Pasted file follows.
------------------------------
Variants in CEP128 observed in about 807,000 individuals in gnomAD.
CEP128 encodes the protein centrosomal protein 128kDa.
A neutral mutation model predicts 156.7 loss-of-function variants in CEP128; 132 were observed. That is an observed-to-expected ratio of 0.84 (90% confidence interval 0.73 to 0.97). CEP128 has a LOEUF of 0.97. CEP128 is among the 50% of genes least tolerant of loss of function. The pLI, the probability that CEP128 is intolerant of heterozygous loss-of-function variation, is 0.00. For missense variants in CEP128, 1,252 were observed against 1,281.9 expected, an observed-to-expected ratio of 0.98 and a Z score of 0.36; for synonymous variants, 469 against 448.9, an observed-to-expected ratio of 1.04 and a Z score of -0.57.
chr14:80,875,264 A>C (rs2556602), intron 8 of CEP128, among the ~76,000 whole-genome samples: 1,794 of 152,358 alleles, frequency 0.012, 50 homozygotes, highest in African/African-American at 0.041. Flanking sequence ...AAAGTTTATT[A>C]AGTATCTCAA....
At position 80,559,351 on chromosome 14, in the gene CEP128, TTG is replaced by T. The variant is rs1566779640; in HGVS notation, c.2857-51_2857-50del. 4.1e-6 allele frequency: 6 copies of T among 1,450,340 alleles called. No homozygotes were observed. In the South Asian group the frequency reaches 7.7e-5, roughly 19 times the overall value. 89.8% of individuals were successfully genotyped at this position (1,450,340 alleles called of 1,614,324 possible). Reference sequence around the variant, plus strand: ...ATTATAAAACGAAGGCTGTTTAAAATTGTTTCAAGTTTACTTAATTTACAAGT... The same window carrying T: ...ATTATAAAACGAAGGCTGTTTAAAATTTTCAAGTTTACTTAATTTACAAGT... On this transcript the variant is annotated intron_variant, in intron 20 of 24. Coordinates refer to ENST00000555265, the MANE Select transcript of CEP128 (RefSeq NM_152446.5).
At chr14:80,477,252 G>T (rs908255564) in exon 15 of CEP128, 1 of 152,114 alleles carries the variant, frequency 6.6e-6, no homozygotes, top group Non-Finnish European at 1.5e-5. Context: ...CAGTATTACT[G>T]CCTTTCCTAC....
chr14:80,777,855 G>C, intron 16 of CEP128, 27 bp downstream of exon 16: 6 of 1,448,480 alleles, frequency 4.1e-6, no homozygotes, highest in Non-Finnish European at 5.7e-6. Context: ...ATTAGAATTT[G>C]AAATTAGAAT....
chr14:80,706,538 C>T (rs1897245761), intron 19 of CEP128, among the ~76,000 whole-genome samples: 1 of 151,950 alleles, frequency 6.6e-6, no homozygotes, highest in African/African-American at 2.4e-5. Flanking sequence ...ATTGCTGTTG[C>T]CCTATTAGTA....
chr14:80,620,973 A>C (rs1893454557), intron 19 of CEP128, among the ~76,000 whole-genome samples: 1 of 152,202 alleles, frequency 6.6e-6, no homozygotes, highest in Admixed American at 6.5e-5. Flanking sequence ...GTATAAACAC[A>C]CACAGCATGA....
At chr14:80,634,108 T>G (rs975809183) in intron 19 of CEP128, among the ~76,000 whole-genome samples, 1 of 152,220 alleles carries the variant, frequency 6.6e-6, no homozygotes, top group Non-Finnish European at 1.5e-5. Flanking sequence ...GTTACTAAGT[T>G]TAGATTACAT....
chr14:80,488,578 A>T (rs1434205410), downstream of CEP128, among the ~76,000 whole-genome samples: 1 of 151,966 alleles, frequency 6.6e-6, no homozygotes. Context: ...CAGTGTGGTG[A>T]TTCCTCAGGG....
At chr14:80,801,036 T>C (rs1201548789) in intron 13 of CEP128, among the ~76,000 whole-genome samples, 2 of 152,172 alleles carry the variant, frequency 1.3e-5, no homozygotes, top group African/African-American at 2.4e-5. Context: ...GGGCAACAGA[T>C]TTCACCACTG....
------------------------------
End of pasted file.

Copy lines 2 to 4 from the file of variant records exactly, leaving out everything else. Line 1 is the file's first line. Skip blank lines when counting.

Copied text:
CEP128 encodes the protein centrosomal protein 128kDa.
A neutral mutation model predicts 156.7 loss-of-function variants in CEP128; 132 were observed. That is an observed-to-expected ratio of 0.84 (90% confidence interval 0.73 to 0.97). CEP128 has a LOEUF of 0.97. CEP128 is among the 50% of genes least tolerant of loss of function. The pLI, the probability that CEP128 is intolerant of heterozygous loss-of-function variation, is 0.00. For missense variants in CEP128, 1,252 were observed against 1,281.9 expected, an observed-to-expected ratio of 0.98 and a Z score of 0.36; for synonymous variants, 469 against 448.9, an observed-to-expected ratio of 1.04 and a Z score of -0.57.
chr14:80,875,264 A>C (rs2556602), intron 8 of CEP128, among the ~76,000 whole-genome samples: 1,794 of 152,358 alleles, frequency 0.012, 50 homozygotes, highest in African/African-American at 0.041. Flanking sequence ...AAAGTTTATT[A>C]AGTATCTCAA....